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60 Minutes Archive: Coverage of North Korea

Marine veteran’s work to help North Koreans
Marine veteran explains alleged fake kidnapping plot to help North Koreans defect 26:13

This week on 60 Minutes, correspondent Sharyn Alfonsi reported on Christopher Ahn, an American citizen embroiled in an international case involving America, Spain, and North Korea. Ahn, who's part of an activist group that broke into the North Korean embassy in Madrid, Spain, in 2019, says he was attempting to help North Korean embassy staff defect. North Korea says the incident was an attempted kidnapping that amounted to a "terrorist attack."

To understand the stakes of Ahn's decision — and why North Koreas may want to defect from their own homeland — we turned to some of 60 Minutes' decades-long coverage of North Korea. Reporting on the hermit kingdom is challenging; North Korea is one of the world's most isolated countries. But over the years, 60 Minutes has found a way inside. 

From images of hospitals without food or medicine to a look at the continuing military threat the country poses, here are some of the highlights of 60 Minutes' North Korea coverage.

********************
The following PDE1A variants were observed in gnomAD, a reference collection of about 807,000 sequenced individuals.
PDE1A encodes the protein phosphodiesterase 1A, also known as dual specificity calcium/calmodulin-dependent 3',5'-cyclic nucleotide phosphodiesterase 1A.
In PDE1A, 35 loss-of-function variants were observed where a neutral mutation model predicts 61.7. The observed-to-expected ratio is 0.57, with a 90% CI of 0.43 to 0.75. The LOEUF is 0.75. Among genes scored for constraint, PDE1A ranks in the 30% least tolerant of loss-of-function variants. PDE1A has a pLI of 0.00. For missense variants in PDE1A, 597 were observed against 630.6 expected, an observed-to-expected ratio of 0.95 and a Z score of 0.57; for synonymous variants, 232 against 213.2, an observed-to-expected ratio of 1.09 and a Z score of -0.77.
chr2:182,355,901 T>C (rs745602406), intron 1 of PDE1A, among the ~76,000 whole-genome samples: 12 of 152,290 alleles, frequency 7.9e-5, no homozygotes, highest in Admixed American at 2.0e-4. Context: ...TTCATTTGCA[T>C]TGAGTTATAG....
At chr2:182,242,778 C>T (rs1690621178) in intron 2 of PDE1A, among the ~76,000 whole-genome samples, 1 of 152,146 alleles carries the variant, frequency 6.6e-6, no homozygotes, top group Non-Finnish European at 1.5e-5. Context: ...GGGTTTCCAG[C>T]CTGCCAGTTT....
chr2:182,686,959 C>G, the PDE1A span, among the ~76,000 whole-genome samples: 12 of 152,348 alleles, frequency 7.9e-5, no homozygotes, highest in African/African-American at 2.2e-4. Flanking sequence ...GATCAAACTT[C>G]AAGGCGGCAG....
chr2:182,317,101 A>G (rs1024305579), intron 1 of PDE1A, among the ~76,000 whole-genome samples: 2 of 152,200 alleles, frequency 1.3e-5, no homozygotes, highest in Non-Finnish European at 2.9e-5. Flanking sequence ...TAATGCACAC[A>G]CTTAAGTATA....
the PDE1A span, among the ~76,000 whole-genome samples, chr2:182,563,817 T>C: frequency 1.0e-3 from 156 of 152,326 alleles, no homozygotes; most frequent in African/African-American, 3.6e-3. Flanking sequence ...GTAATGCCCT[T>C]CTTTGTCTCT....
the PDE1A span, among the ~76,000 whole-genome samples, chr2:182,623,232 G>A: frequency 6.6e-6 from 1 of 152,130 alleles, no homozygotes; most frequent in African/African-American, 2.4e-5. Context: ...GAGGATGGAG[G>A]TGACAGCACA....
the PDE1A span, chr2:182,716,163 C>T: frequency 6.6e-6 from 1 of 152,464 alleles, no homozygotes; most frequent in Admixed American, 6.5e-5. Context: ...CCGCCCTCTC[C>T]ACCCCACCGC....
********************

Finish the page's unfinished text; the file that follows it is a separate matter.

2003: North Korea

North Korea (2003) | 60 Minutes Archive 12:27

During his 2002 State of the Union address, President George W. Bush labeled North Korea as part of an "axis of evil," in reference to the country's nuclear ambitions. Later that year, during an interview with journalist Bob Woodward, Bush said, "I loathe Kim Jong Il. I've got a visceral reaction to this guy because he is starving his people."

To get a sense of how dire the situation was, 60 Minutes correspondent Mike Wallace spoke with Dr. Norbert Vollertsen, a German family physician, who had recently spent a year and a half in North Korea as a member of a German group providing medical aid there. Vollertsen told Wallace he was stunned by what he saw and was able to capture on videotape.